Greenpointers: City lied about parks, ‘affordable housing’
The city has broken its promise to bring affordable housing to Greenpoint and Williamsburg and is letting developers run roughshod over the neighborhoods, pushing out the working class in the process, claimed more than 150 protesters rallying outside East River State Park Wednesday night.
The group, which gathered along now upscale Kent Avenue, said thousands of poorer residents have been priced out of the rapidly gentrifying neighborhoods during the past decade in the wake of a rezoning of the waterfront that allowed condominium towers to rise up, but also promised more parks and guaranteed so-called “affordable housing” — two things residents now say the city lied about.
Only 19 of the 1,345 “affordable” apartments the city promised in 2005 when it rezoned the North Brooklyn waterfront to residential from manufacturing have been built, according to Jan Petersen, a member of Community Board 1, and that has forced lower-income residents to move away.
“This community has lost 10,000 Latino residents in the past 10 years,” claimed Antonio Reynoso, who is running against Vito Lopez for the 34th district council seat. “That is unacceptable.”
Some Greenpoint residents have been roiling in recent weeks since two developers unveiled plans for more luxury condo towers on the north end of the waterfront.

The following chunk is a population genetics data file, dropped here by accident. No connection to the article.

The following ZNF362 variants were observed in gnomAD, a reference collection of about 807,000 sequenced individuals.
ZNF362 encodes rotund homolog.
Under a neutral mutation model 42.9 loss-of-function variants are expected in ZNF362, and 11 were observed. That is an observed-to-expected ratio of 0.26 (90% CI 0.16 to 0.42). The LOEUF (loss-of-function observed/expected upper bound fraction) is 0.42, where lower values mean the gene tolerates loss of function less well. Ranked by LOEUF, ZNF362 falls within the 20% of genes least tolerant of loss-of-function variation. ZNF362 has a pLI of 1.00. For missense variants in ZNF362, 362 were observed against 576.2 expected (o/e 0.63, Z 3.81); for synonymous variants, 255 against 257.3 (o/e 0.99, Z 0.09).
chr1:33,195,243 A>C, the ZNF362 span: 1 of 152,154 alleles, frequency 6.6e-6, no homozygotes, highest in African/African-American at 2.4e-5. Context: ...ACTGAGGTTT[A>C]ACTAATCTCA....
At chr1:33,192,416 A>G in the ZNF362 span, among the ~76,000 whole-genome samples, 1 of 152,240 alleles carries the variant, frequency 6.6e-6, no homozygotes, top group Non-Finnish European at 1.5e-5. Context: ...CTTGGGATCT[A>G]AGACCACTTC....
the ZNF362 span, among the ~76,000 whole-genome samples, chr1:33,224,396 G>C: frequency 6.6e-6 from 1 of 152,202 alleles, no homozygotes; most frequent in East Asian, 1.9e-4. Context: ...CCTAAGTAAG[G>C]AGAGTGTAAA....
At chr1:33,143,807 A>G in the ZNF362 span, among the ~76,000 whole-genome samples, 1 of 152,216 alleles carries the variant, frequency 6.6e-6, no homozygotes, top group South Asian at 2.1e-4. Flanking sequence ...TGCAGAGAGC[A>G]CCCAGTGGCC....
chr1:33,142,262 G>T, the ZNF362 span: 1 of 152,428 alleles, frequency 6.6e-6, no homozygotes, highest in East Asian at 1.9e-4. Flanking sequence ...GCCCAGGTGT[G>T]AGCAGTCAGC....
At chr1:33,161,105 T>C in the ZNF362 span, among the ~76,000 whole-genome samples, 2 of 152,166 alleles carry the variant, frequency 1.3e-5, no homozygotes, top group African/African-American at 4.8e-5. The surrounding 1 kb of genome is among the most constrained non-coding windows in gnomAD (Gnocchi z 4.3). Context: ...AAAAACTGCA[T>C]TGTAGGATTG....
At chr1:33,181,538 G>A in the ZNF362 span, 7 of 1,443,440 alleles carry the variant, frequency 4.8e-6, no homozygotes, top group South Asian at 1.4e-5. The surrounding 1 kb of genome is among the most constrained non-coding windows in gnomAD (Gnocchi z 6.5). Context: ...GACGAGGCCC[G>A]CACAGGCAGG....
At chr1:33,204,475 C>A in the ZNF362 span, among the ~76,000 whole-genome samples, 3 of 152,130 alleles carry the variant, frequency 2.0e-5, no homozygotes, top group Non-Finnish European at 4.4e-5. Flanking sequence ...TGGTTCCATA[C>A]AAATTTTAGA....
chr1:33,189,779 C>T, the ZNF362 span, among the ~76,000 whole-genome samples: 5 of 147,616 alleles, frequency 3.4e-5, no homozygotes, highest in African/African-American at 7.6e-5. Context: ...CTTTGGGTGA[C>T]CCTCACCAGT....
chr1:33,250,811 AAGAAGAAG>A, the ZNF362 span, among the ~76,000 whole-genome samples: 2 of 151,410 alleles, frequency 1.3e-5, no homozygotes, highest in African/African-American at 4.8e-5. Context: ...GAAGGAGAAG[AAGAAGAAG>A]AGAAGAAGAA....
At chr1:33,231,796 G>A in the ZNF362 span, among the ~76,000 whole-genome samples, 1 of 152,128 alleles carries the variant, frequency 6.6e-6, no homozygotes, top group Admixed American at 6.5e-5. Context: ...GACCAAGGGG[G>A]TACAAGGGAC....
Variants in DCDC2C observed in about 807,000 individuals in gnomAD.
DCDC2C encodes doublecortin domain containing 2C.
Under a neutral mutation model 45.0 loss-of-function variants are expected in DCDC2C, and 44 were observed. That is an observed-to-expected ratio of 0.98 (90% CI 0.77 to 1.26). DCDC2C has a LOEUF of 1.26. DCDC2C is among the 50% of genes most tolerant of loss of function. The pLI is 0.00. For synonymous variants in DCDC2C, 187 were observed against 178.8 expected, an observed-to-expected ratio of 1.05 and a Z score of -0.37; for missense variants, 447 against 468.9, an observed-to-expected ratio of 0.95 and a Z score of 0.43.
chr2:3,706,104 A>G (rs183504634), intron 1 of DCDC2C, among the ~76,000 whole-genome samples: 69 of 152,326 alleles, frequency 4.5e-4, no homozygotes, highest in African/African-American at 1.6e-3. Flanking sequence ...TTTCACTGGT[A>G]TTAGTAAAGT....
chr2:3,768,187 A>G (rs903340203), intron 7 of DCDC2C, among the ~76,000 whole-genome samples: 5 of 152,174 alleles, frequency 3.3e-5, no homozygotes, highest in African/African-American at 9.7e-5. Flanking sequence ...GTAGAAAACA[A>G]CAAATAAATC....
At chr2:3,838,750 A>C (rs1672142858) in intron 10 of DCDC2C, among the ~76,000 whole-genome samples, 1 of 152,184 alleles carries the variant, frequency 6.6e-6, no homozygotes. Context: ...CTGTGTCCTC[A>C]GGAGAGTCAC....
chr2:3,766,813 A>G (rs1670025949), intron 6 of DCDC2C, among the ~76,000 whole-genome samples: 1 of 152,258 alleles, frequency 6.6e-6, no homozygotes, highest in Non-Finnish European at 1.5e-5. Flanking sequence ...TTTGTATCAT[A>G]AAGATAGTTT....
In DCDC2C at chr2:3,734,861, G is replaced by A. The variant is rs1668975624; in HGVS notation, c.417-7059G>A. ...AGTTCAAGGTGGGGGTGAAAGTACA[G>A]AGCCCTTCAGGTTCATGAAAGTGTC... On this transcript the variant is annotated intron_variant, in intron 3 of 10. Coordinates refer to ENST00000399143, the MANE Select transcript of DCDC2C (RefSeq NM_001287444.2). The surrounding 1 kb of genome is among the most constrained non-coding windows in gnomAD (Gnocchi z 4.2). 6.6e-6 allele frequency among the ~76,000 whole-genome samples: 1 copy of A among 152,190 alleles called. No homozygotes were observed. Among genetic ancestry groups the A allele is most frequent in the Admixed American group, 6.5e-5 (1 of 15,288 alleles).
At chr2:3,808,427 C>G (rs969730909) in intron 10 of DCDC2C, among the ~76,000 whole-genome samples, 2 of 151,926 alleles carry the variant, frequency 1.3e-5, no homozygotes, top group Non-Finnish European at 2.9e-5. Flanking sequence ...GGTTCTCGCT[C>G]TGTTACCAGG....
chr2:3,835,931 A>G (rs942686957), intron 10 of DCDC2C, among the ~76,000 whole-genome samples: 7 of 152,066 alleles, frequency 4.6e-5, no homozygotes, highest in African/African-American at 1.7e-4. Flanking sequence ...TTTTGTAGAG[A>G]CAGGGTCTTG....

The developer Park Tower Group wants to build “Greenpoint Landing,” a 10-tower development with up to 5,500 units on Newtown Creek. Meanwhile, the Chetrit Group is planning a 30-story tower at 77 Commercial St. between Manhattan and Franklin avenues, that would rise next to the site of a proposed city park that has been stalled for years, and some worry may never be built.
Residents see the explosive development along the Greenpoint waterfront — combined with Two Trees Management’s plan for 2,284 apartments proposed for and around the Domino Sugar factory in Williamsburg as further proof that the city cares more about turning the neighborhoods into high-end urban wonderlands than taking care of the people who have lived there for years .
Some of those residents say that all the new development is forcing old-school landlords to reevaluate how much they can get for their old-school apartments.
“[My landlord] has tried for a long time to get me out,” said Maria Ramos, 71, who has lived in a rent-stabilized apartment on Green Street for 30 years. “She wants someone with more money.”